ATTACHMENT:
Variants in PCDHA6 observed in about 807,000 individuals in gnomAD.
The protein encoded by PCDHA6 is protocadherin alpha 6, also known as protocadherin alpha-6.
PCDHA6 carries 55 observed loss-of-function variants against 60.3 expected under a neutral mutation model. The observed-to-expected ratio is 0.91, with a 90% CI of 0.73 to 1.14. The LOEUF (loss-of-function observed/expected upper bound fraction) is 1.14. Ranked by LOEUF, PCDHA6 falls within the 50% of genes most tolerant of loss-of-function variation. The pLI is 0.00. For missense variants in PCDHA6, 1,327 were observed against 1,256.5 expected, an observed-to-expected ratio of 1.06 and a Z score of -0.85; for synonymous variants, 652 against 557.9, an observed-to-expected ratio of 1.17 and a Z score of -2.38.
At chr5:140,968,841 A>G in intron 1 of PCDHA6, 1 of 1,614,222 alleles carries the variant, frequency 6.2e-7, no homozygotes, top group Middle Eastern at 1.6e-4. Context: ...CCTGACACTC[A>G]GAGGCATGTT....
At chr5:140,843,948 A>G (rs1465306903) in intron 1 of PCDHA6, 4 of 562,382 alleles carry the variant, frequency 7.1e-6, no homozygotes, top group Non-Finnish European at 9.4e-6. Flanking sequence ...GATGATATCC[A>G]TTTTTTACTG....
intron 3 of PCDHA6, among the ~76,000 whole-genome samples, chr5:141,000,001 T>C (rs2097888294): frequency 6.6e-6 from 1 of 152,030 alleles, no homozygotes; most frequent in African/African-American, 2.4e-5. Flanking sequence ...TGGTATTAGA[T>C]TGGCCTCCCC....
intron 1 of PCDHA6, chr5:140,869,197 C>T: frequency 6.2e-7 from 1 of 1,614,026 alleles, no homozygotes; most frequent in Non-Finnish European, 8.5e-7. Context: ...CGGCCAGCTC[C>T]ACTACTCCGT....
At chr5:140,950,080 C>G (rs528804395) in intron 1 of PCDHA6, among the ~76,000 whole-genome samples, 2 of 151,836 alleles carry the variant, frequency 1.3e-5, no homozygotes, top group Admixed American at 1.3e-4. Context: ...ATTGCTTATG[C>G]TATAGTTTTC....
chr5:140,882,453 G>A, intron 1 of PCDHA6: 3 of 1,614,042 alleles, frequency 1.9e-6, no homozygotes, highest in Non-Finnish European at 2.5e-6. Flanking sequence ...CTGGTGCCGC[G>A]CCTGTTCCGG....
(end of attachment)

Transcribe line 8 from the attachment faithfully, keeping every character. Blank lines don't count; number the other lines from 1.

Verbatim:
At chr5:140,950,080 C>G (rs528804395) in intron 1 of PCDHA6, among the ~76,000 whole-genome samples, 2 of 151,836 alleles carry the variant, frequency 1.3e-5, no homozygotes, top group Admixed American at 1.3e-4. Context: ...ATTGCTTATG[C>G]TATAGTTTTC....